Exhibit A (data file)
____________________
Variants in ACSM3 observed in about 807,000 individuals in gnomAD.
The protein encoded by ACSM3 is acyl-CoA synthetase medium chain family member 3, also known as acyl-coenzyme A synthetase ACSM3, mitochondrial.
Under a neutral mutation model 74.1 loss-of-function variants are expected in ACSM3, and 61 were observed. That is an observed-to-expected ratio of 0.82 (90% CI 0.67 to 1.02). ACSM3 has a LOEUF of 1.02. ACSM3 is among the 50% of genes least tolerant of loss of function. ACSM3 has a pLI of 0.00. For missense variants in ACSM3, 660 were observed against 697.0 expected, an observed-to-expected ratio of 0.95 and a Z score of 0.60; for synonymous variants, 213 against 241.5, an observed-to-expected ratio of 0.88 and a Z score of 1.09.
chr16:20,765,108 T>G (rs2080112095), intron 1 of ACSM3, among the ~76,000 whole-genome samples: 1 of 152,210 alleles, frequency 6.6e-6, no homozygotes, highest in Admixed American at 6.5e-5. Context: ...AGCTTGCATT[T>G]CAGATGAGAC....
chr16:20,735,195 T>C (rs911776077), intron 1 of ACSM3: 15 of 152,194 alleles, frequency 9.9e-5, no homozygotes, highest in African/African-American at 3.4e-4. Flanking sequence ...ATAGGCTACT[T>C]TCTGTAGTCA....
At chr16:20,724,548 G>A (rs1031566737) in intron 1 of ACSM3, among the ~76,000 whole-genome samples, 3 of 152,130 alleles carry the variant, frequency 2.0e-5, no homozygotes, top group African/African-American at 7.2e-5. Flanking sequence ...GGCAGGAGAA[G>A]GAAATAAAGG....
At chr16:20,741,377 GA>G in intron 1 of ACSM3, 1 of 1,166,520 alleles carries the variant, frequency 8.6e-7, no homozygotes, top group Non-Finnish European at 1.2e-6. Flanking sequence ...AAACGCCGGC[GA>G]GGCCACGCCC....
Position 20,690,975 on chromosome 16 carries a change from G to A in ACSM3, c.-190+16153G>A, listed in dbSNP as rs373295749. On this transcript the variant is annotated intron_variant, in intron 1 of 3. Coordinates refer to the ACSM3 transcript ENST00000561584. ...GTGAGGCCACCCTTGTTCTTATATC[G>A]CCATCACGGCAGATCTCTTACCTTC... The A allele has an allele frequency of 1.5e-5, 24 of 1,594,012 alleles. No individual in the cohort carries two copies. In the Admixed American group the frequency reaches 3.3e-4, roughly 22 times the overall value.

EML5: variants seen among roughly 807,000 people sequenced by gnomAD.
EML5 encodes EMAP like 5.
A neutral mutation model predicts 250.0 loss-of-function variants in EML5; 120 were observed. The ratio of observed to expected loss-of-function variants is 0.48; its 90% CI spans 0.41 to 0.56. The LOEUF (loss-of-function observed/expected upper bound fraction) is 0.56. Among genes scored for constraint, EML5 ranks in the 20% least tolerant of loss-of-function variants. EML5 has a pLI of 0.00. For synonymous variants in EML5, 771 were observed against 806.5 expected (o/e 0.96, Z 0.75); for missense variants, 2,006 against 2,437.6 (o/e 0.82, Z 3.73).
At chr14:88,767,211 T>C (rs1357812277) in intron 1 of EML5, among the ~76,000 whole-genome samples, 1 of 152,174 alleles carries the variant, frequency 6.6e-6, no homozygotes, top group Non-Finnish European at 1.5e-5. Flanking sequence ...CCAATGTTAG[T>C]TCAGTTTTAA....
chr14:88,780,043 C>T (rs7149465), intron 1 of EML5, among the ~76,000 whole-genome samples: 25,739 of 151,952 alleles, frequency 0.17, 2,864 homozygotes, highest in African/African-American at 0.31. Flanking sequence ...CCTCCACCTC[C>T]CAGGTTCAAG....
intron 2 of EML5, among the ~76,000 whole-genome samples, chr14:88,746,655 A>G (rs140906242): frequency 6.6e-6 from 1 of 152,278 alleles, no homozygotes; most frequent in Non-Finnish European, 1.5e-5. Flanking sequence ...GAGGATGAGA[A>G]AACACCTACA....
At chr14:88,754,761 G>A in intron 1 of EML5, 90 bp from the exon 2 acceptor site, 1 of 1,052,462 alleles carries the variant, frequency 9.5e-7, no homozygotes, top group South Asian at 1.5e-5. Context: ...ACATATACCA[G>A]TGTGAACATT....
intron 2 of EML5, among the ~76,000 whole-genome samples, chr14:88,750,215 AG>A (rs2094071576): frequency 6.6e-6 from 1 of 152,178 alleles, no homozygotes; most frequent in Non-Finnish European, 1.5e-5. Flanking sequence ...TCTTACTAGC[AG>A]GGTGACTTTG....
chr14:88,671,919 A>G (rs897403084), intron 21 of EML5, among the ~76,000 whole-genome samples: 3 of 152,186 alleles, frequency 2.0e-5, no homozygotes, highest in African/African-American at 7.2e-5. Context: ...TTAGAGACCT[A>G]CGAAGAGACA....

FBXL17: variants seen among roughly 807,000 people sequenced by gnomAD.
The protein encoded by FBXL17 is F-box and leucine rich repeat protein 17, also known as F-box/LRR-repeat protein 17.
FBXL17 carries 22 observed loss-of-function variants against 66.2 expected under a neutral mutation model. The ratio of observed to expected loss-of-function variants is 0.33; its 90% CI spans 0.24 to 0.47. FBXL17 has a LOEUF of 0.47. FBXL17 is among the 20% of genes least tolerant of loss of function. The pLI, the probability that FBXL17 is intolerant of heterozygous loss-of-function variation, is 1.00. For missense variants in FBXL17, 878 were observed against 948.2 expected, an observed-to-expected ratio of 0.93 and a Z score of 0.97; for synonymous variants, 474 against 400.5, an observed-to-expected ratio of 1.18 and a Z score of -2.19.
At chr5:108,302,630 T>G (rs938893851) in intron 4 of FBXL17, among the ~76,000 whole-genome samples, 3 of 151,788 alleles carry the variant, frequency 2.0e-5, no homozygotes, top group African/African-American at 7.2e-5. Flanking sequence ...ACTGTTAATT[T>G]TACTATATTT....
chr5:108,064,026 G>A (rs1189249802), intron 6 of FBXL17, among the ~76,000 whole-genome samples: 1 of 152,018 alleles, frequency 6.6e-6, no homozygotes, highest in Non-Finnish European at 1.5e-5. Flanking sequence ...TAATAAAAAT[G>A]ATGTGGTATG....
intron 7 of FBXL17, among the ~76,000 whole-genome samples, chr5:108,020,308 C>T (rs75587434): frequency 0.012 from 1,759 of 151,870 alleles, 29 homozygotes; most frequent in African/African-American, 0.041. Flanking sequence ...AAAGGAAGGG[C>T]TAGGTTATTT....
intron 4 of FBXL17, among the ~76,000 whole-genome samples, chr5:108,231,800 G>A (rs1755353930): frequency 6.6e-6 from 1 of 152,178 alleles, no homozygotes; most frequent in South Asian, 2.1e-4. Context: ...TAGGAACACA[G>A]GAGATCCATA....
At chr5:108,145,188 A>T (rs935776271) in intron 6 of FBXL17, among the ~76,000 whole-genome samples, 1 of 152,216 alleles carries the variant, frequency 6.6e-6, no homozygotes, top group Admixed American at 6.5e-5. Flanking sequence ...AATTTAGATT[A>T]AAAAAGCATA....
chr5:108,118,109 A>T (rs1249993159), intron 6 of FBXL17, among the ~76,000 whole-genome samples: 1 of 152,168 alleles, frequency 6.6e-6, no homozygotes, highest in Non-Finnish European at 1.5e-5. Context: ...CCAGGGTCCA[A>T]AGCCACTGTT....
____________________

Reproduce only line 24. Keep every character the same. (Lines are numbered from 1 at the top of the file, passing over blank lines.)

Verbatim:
intron 4 of FBXL17, among the ~76,000 whole-genome samples, chr5:108,231,800 G>A (rs1755353930): frequency 6.6e-6 from 1 of 152,178 alleles, no homozygotes; most frequent in South Asian, 2.1e-4. Context: ...TAGGAACACA[G>A]GAGATCCATA....